Without another word I set off across the room, limping —because, yes, my leg still hurt — making my way through some tables all filled with drinking and laughing people, and up to the bandstand, which had a bunch of other people standing near it, listening to the music, and shouting encouragement and their appreciation to the musicians, and I was just about to go past the bandstand and the end of the crowded bar when someone grabbed my right arm, the same arm that that Big guy Paul had just been hanging onto.

“Hey, pal, where you going?”

I turned.

It was Ben.

My friend.

Big Ben Blagwell.


(To be continued, while strength endures.)

Railroad Train to Heaven is the living work of fiction writer Dan Leo, who's been working on its more than 300 weekly installments for the better part of five years. To catch up on previous episodes, visithis blog, or read a synopsis of the action thus far.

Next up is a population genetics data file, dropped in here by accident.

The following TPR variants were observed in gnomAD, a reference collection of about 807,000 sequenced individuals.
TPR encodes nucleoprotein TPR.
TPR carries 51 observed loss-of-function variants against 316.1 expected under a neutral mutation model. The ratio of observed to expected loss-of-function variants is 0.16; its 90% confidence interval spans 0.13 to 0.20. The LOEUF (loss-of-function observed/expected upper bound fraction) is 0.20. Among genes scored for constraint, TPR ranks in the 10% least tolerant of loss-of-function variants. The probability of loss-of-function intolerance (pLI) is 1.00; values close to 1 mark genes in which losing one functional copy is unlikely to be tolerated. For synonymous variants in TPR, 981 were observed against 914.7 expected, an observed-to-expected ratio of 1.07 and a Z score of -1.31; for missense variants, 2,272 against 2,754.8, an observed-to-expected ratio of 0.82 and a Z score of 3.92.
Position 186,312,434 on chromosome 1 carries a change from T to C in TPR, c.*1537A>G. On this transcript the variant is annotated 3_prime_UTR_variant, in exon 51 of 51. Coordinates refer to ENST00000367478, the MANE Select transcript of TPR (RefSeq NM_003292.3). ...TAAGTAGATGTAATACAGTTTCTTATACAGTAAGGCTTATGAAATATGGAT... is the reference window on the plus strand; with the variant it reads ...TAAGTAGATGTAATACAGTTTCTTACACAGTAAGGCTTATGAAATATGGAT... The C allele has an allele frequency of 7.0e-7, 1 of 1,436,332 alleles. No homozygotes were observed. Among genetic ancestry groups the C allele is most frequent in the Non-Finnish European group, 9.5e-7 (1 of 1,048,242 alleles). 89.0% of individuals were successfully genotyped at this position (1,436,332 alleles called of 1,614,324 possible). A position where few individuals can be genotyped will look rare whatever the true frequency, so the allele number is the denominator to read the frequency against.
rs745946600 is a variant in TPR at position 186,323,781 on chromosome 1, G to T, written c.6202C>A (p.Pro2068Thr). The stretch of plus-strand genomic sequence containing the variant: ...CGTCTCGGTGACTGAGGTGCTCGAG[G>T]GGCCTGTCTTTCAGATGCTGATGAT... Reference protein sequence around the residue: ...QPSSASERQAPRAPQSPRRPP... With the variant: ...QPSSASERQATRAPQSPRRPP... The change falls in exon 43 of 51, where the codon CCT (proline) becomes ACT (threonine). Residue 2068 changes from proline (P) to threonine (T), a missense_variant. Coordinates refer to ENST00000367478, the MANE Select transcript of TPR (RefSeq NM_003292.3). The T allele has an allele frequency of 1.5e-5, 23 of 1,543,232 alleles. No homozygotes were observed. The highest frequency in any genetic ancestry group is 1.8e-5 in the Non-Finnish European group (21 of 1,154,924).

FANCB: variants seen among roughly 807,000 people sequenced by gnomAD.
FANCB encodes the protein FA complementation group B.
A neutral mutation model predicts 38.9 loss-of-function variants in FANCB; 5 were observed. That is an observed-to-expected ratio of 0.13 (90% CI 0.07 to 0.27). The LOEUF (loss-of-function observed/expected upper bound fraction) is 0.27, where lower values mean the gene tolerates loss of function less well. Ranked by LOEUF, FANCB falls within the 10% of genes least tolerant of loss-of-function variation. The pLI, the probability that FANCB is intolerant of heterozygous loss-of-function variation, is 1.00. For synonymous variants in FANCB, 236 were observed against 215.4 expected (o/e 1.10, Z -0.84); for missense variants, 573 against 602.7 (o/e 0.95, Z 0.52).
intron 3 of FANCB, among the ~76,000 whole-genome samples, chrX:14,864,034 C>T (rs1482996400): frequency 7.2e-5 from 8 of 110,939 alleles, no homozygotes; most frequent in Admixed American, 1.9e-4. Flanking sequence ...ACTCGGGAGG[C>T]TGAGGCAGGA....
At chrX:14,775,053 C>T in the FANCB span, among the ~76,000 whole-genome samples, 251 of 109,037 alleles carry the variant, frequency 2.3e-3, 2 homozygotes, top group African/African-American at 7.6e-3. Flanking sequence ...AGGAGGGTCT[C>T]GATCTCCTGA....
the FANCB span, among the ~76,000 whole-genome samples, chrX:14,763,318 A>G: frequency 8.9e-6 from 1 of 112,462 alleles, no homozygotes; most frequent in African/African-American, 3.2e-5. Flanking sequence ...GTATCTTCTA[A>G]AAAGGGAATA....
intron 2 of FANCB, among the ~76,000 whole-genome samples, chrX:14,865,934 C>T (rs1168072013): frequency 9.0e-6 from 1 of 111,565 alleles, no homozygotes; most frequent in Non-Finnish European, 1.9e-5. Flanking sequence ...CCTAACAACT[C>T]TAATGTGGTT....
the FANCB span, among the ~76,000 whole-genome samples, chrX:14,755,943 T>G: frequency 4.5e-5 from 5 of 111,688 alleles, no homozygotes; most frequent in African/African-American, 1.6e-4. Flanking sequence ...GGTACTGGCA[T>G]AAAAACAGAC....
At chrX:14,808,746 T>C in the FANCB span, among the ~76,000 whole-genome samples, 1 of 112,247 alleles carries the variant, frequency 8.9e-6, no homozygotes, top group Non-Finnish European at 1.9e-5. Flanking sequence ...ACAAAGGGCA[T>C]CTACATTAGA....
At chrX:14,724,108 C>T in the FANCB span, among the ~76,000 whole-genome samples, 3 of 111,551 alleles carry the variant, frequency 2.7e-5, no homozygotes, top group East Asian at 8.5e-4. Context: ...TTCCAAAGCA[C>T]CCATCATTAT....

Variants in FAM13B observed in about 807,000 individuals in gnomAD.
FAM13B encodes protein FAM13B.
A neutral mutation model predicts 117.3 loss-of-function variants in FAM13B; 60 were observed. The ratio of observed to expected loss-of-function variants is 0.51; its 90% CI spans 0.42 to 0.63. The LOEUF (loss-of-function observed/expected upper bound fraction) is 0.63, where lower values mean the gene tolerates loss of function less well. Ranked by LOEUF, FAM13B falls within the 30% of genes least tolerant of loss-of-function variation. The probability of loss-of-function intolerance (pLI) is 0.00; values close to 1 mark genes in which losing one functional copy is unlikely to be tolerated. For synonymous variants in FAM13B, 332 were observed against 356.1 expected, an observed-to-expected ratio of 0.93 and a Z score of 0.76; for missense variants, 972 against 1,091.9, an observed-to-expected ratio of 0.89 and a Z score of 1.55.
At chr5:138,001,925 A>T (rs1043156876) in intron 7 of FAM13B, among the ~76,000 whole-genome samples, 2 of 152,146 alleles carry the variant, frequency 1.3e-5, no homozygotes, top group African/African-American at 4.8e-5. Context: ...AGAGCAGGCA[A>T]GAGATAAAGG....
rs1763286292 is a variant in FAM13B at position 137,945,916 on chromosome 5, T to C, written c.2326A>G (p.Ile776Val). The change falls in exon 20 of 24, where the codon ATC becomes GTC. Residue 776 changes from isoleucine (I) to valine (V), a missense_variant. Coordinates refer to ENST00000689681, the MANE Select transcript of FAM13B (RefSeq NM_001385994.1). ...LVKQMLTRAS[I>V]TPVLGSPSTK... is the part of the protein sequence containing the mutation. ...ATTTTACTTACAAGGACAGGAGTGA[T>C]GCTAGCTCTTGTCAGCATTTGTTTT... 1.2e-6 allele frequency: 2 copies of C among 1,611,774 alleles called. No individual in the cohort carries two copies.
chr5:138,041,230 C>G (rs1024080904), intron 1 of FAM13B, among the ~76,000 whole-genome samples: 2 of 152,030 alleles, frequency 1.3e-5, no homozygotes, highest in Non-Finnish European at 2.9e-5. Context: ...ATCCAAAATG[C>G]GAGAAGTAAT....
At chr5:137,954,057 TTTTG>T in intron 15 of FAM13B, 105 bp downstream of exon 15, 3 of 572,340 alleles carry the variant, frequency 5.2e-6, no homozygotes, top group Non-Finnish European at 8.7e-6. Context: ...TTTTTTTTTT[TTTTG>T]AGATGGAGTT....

This post is contributed by a community member. The views expressed in this blog are those of the author and do not necessarily reflect those of Patch Media Corporation. Everyone is welcome to submit a post to Patch. If you'd like to post a blog, go here to get started.

Kathleen Maher January 13, 2013 at 01:05 AM
By now I wonder if Theseus or Daedalus (some ancient Greek like that) could find that bathroom past the musician's break room, even with an empty bladder.
Dan Leo January 13, 2013 at 10:04 AM
Odysseus finding his way home was nothing compared to Arnold trying to make it to a men's room.
Kathleen Maher January 21, 2013 at 12:24 AM
They're definitely comparable.